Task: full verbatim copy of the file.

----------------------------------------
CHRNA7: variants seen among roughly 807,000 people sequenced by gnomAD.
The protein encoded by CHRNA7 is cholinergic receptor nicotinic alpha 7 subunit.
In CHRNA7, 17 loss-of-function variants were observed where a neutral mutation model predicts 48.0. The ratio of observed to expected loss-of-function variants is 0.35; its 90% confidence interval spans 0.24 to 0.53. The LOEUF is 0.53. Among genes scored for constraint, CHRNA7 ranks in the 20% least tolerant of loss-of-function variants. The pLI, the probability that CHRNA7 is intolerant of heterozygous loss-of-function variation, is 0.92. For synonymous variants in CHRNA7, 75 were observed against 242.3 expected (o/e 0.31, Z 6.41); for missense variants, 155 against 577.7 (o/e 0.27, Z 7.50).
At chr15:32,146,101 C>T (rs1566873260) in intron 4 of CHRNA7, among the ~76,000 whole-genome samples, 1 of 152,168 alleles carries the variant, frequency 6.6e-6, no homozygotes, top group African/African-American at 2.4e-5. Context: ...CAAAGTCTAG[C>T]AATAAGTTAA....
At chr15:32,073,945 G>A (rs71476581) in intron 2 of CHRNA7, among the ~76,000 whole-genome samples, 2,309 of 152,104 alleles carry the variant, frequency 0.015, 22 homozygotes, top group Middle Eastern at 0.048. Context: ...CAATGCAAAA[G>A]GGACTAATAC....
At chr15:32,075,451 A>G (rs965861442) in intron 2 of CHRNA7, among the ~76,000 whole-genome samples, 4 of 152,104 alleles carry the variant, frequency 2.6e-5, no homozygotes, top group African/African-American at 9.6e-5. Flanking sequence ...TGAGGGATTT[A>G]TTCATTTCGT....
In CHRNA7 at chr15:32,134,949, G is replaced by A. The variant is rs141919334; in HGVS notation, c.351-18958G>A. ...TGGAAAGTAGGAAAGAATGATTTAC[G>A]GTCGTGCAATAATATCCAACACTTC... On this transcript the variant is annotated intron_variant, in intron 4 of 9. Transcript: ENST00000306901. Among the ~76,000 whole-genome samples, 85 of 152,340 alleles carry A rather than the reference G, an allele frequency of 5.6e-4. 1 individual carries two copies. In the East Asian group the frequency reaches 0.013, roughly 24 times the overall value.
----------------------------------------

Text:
CHRNA7: variants seen among roughly 807,000 people sequenced by gnomAD.
The protein encoded by CHRNA7 is cholinergic receptor nicotinic alpha 7 subunit.
In CHRNA7, 17 loss-of-function variants were observed where a neutral mutation model predicts 48.0. The ratio of observed to expected loss-of-function variants is 0.35; its 90% confidence interval spans 0.24 to 0.53. The LOEUF is 0.53. Among genes scored for constraint, CHRNA7 ranks in the 20% least tolerant of loss-of-function variants. The pLI, the probability that CHRNA7 is intolerant of heterozygous loss-of-function variation, is 0.92. For synonymous variants in CHRNA7, 75 were observed against 242.3 expected (o/e 0.31, Z 6.41); for missense variants, 155 against 577.7 (o/e 0.27, Z 7.50).
At chr15:32,146,101 C>T (rs1566873260) in intron 4 of CHRNA7, among the ~76,000 whole-genome samples, 1 of 152,168 alleles carries the variant, frequency 6.6e-6, no homozygotes, top group African/African-American at 2.4e-5. Context: ...CAAAGTCTAG[C>T]AATAAGTTAA....
At chr15:32,073,945 G>A (rs71476581) in intron 2 of CHRNA7, among the ~76,000 whole-genome samples, 2,309 of 152,104 alleles carry the variant, frequency 0.015, 22 homozygotes, top group Middle Eastern at 0.048. Context: ...CAATGCAAAA[G>A]GGACTAATAC....
At chr15:32,075,451 A>G (rs965861442) in intron 2 of CHRNA7, among the ~76,000 whole-genome samples, 4 of 152,104 alleles carry the variant, frequency 2.6e-5, no homozygotes, top group African/African-American at 9.6e-5. Flanking sequence ...TGAGGGATTT[A>G]TTCATTTCGT....
In CHRNA7 at chr15:32,134,949, G is replaced by A. The variant is rs141919334; in HGVS notation, c.351-18958G>A. ...TGGAAAGTAGGAAAGAATGATTTAC[G>A]GTCGTGCAATAATATCCAACACTTC... On this transcript the variant is annotated intron_variant, in intron 4 of 9. Transcript: ENST00000306901. Among the ~76,000 whole-genome samples, 85 of 152,340 alleles carry A rather than the reference G, an allele frequency of 5.6e-4. 1 individual carries two copies. In the East Asian group the frequency reaches 0.013, roughly 24 times the overall value.